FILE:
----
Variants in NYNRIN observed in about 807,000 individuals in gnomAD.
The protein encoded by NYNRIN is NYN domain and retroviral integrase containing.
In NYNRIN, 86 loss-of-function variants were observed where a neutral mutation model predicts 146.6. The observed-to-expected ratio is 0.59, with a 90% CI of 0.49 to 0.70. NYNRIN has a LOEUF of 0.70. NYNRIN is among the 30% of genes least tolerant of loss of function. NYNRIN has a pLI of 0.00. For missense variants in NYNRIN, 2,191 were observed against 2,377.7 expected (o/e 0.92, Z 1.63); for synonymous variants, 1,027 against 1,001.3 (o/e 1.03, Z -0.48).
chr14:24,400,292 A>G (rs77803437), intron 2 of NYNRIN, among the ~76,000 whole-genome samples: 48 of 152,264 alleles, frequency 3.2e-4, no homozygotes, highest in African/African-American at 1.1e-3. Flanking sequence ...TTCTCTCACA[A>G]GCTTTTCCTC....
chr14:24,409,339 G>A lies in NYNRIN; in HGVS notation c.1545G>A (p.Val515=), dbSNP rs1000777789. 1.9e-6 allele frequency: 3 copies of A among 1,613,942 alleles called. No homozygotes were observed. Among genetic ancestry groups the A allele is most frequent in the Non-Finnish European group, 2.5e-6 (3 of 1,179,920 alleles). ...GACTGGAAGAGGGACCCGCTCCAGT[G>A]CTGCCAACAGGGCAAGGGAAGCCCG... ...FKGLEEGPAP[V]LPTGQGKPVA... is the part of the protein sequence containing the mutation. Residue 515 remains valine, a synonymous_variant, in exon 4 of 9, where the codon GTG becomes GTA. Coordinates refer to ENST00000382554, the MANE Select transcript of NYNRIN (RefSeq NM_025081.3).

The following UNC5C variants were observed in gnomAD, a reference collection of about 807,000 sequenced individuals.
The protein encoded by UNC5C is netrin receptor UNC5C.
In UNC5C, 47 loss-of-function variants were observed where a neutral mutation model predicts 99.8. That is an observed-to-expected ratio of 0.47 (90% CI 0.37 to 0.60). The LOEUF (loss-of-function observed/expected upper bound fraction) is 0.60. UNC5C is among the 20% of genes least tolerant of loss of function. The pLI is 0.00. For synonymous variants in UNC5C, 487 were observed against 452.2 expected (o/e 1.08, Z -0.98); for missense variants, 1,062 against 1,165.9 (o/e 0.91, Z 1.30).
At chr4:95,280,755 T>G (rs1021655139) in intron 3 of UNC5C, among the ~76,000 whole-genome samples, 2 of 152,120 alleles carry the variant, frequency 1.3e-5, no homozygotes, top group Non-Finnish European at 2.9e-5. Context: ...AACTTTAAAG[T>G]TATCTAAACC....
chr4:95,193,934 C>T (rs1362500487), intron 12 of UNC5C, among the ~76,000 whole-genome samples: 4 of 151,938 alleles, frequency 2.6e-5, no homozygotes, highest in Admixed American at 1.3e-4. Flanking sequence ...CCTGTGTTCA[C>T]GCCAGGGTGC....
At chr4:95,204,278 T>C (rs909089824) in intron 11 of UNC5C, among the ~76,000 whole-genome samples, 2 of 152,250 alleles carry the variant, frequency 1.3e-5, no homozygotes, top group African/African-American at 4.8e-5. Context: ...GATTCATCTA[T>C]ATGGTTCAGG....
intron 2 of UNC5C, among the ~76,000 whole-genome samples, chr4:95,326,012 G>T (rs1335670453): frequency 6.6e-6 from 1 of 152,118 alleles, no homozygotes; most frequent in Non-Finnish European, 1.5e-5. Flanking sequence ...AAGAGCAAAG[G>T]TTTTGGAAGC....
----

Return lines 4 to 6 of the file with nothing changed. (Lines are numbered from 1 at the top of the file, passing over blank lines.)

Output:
chr14:24,400,292 A>G (rs77803437), intron 2 of NYNRIN, among the ~76,000 whole-genome samples: 48 of 152,264 alleles, frequency 3.2e-4, no homozygotes, highest in African/African-American at 1.1e-3. Flanking sequence ...TTCTCTCACA[A>G]GCTTTTCCTC....
chr14:24,409,339 G>A lies in NYNRIN; in HGVS notation c.1545G>A (p.Val515=), dbSNP rs1000777789. 1.9e-6 allele frequency: 3 copies of A among 1,613,942 alleles called. No homozygotes were observed. Among genetic ancestry groups the A allele is most frequent in the Non-Finnish European group, 2.5e-6 (3 of 1,179,920 alleles). ...GACTGGAAGAGGGACCCGCTCCAGT[G>A]CTGCCAACAGGGCAAGGGAAGCCCG... ...FKGLEEGPAP[V]LPTGQGKPVA... is the part of the protein sequence containing the mutation. Residue 515 remains valine, a synonymous_variant, in exon 4 of 9, where the codon GTG becomes GTA. Coordinates refer to ENST00000382554, the MANE Select transcript of NYNRIN (RefSeq NM_025081.3).

The following UNC5C variants were observed in gnomAD, a reference collection of about 807,000 sequenced individuals.